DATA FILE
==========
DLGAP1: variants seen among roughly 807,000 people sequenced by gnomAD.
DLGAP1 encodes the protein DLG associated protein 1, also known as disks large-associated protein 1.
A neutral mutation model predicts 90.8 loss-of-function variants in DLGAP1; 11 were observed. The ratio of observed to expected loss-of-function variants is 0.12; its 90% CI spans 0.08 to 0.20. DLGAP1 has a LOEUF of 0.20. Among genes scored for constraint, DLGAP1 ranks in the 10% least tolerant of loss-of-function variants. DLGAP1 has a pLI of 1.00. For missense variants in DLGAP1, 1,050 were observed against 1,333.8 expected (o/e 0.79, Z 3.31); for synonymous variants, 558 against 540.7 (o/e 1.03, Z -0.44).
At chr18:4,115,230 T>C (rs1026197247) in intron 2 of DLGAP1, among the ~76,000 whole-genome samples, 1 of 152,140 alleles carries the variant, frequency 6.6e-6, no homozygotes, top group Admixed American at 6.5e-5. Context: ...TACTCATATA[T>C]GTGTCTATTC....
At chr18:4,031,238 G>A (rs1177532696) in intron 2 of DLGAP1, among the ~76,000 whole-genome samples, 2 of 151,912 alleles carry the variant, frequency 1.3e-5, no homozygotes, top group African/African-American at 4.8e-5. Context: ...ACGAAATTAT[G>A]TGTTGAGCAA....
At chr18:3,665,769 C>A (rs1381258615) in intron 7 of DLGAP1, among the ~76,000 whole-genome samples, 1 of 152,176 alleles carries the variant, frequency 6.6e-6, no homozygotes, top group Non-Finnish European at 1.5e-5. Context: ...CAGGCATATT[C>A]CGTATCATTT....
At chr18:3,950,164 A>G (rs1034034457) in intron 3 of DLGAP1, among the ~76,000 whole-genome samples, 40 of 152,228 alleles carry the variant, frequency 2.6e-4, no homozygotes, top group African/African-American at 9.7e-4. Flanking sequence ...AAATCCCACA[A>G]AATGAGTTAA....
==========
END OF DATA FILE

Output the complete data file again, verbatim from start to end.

DLGAP1: variants seen among roughly 807,000 people sequenced by gnomAD.
DLGAP1 encodes the protein DLG associated protein 1, also known as disks large-associated protein 1.
A neutral mutation model predicts 90.8 loss-of-function variants in DLGAP1; 11 were observed. The ratio of observed to expected loss-of-function variants is 0.12; its 90% CI spans 0.08 to 0.20. DLGAP1 has a LOEUF of 0.20. Among genes scored for constraint, DLGAP1 ranks in the 10% least tolerant of loss-of-function variants. DLGAP1 has a pLI of 1.00. For missense variants in DLGAP1, 1,050 were observed against 1,333.8 expected (o/e 0.79, Z 3.31); for synonymous variants, 558 against 540.7 (o/e 1.03, Z -0.44).
At chr18:4,115,230 T>C (rs1026197247) in intron 2 of DLGAP1, among the ~76,000 whole-genome samples, 1 of 152,140 alleles carries the variant, frequency 6.6e-6, no homozygotes, top group Admixed American at 6.5e-5. Context: ...TACTCATATA[T>C]GTGTCTATTC....
At chr18:4,031,238 G>A (rs1177532696) in intron 2 of DLGAP1, among the ~76,000 whole-genome samples, 2 of 151,912 alleles carry the variant, frequency 1.3e-5, no homozygotes, top group African/African-American at 4.8e-5. Context: ...ACGAAATTAT[G>A]TGTTGAGCAA....
At chr18:3,665,769 C>A (rs1381258615) in intron 7 of DLGAP1, among the ~76,000 whole-genome samples, 1 of 152,176 alleles carries the variant, frequency 6.6e-6, no homozygotes, top group Non-Finnish European at 1.5e-5. Context: ...CAGGCATATT[C>A]CGTATCATTT....
At chr18:3,950,164 A>G (rs1034034457) in intron 3 of DLGAP1, among the ~76,000 whole-genome samples, 40 of 152,228 alleles carry the variant, frequency 2.6e-4, no homozygotes, top group African/African-American at 9.7e-4. Flanking sequence ...AAATCCCACA[A>G]AATGAGTTAA....